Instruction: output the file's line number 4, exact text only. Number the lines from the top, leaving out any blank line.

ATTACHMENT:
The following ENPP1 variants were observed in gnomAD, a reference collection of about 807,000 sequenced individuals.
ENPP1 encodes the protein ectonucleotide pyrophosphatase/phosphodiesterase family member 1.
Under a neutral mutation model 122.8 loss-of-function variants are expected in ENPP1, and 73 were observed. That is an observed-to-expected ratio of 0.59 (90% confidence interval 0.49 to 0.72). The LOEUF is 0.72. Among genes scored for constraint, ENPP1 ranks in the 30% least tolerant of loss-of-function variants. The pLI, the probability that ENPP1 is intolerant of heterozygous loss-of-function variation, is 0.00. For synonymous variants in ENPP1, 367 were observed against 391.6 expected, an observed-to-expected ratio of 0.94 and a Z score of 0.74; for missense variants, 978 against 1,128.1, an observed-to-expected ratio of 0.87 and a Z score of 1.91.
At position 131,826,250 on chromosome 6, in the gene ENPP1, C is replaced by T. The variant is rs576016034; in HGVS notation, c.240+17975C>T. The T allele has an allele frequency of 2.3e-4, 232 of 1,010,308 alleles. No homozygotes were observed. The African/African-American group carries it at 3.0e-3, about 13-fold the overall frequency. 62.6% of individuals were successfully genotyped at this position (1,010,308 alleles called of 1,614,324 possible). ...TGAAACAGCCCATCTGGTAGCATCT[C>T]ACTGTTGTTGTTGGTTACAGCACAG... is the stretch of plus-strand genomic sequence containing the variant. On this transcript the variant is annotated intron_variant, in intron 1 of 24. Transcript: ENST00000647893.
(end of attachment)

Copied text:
At position 131,826,250 on chromosome 6, in the gene ENPP1, C is replaced by T. The variant is rs576016034; in HGVS notation, c.240+17975C>T. The T allele has an allele frequency of 2.3e-4, 232 of 1,010,308 alleles. No homozygotes were observed. The African/African-American group carries it at 3.0e-3, about 13-fold the overall frequency. 62.6% of individuals were successfully genotyped at this position (1,010,308 alleles called of 1,614,324 possible). ...TGAAACAGCCCATCTGGTAGCATCT[C>T]ACTGTTGTTGTTGGTTACAGCACAG... is the stretch of plus-strand genomic sequence containing the variant. On this transcript the variant is annotated intron_variant, in intron 1 of 24. Transcript: ENST00000647893.